Last night, a harrowing BBC Panorama documentary revealed the scale of child-on-child abuse in the UK. It was a powerful reminder of the importance of something we still shy away from: the need to make sex and consent education compulsory in primary schools.
The prevalence of the problem is horrifying – there have been almost 30,000 reports of child-on-child sexual abuse since 2013, 2,625 of which took place on school premises. And things are getting worse. There was a 71 per cent increase in reports of “peer on peer” abuse between 2013 and 2016.
The individual examples are particularly distressing. Panorama told the story of Emily (a pseudonym), who was assaulted at the age of 15 during a class at school without her teacher noticing. Then there was the case of the six-year-old girl abused by her classmates – the child and mother would sit in their living room with the curtains shut, unable to stop the boys from cycling outside their house.
This abhorrent lack of protection is a responsibility that lies on many shoulders – the school, the police, the local authority and the social services – and the documentary exposes a lack of process around dealing with abuse in young children committed by other young children.
The growth in cases may be driven by the rise of social media and a greater exposure to technology, but the fact is that our curriculum is simply not keeping up.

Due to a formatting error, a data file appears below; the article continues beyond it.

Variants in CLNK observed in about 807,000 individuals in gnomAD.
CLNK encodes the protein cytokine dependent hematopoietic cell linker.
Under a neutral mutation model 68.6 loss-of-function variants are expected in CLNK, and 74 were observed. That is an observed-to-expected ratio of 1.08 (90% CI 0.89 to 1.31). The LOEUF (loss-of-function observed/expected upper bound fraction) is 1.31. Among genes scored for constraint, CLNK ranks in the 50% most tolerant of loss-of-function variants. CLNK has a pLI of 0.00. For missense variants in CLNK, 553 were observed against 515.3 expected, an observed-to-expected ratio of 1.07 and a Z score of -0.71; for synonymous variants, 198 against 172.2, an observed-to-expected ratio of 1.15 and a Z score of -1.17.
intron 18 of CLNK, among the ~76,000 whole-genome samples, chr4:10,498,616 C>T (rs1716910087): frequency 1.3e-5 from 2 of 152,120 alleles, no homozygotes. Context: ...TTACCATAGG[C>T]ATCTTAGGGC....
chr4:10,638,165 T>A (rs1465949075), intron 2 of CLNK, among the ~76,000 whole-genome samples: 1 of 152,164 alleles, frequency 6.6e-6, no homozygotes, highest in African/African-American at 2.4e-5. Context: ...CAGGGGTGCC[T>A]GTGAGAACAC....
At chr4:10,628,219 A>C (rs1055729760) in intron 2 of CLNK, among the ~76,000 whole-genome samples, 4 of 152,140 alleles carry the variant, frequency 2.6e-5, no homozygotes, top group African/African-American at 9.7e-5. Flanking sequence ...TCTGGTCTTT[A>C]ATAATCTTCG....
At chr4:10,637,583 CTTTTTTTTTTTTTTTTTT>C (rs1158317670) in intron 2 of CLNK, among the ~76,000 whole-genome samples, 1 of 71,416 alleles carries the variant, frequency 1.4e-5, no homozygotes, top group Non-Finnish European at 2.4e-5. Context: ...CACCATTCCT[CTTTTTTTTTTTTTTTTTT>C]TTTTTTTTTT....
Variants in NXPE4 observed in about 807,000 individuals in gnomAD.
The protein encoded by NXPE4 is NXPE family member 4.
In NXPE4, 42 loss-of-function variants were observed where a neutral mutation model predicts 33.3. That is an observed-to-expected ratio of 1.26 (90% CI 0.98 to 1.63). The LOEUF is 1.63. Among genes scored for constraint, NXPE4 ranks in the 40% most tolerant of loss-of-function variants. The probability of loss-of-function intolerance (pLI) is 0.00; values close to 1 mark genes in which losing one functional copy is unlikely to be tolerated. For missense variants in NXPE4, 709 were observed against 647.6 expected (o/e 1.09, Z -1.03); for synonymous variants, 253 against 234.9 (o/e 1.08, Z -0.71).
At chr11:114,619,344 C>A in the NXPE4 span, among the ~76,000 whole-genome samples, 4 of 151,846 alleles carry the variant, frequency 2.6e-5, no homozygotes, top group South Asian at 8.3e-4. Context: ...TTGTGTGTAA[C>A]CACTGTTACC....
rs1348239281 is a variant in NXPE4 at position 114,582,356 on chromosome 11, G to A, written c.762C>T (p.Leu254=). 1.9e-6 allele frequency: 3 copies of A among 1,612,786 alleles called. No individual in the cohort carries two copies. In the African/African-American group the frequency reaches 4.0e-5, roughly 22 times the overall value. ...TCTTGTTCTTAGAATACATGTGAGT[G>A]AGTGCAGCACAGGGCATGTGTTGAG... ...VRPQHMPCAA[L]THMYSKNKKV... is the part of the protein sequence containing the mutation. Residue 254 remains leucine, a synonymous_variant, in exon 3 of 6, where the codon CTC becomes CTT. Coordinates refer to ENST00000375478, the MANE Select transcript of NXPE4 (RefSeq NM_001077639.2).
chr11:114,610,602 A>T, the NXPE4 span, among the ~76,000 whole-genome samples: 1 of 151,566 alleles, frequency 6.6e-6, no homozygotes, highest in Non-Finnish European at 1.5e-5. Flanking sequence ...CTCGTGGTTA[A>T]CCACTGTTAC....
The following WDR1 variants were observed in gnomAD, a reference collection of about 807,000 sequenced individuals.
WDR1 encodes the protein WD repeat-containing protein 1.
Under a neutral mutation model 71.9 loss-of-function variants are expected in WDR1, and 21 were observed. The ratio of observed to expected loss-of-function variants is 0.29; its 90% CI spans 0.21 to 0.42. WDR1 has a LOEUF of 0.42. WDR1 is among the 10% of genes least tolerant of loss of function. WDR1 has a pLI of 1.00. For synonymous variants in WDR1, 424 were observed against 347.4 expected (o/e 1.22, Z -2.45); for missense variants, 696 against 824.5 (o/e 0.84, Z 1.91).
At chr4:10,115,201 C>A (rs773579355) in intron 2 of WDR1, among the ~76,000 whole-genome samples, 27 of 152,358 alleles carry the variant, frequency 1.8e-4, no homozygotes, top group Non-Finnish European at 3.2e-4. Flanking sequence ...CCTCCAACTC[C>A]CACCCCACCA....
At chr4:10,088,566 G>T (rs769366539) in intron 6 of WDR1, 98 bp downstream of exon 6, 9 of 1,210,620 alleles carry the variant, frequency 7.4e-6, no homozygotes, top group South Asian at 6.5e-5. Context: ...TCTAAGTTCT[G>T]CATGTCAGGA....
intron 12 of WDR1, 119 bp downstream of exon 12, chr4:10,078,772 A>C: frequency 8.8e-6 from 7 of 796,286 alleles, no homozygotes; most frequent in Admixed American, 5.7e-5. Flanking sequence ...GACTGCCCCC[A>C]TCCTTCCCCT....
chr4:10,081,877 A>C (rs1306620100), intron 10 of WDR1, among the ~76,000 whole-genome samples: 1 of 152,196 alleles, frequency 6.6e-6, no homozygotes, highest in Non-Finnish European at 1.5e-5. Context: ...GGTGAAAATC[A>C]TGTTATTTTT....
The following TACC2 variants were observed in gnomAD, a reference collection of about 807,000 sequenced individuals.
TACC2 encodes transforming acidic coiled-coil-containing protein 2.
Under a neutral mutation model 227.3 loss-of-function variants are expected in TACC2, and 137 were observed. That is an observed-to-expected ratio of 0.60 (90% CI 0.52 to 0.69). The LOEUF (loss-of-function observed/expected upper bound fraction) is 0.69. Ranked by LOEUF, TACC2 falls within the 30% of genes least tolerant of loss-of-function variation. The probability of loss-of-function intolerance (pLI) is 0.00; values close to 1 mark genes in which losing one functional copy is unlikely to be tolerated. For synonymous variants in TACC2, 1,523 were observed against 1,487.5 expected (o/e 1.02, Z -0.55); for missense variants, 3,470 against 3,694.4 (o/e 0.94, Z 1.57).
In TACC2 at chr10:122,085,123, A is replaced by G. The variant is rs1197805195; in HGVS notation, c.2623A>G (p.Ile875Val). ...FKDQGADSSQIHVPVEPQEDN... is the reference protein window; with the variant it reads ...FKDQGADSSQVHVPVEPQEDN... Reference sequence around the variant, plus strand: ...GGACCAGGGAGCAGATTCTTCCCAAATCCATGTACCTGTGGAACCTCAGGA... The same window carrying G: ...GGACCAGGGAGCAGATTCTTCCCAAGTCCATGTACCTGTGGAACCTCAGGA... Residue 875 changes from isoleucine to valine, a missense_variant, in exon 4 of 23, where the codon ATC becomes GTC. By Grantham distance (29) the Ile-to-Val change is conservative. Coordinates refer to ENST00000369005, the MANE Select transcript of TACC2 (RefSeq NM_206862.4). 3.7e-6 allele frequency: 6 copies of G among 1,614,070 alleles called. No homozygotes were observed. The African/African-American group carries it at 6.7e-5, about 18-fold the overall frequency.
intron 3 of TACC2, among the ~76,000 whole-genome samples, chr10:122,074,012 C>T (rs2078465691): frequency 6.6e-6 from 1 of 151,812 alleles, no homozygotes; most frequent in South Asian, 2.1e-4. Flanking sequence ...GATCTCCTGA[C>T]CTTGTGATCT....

In March 2017, the government agreed to introduce “relationships and sex education” in all secondary schools and bring “relationships education” into primary schools. While primary schools will emphasise safe and healthy relationships, secondary school SRE lessons will focus on healthy relationships, pornography, sexting and consent. While primary schools can choose to teach sex education in an age-appropriate way, they are also allowed to withdraw from it.
These measures aren’t enough. Children in primary school should be entitled to good quality relationship and sex education, exploring areas such as consent, control and choice. The treatment of the six-year-old girl, who had been sexually assaulted by her classmates for over a month, shows the necessity of giving children the concepts and the language to understand and describe their experiences.
Rather than attempting to ban pornography, we need to focus on teaching children what consent means in the digital age – and we need to start young. When we neglect children at this age, we’re laying down the framework for how they should expect to be treated in the rest of their lives; abused, ignored and neglected.
Not only do children need sex and relationship education, but teachers in primary school also need adequate training in how to respond to incidents like this, and to review their own child protection procedures. It’s incredibly dangerous to fail children at such a young age, and we need to ensure that enough resources are being funnelled into education around this area, both for children and for teachers.
We need to foster a culture that encourages children to find the language to assert their boundaries, both to adults and to their peers. We need to foster a culture that listens to children and believes them, and we need the adequate processes in place that will look after those who do come forward.
It’s time to stop being prudish and worrying about protecting our children’s “innocence” and start looking at their experiences. Whether we like it or not, that innocence is being snatched from them daily across the UK, and our lack of sex education means we can’t protect them.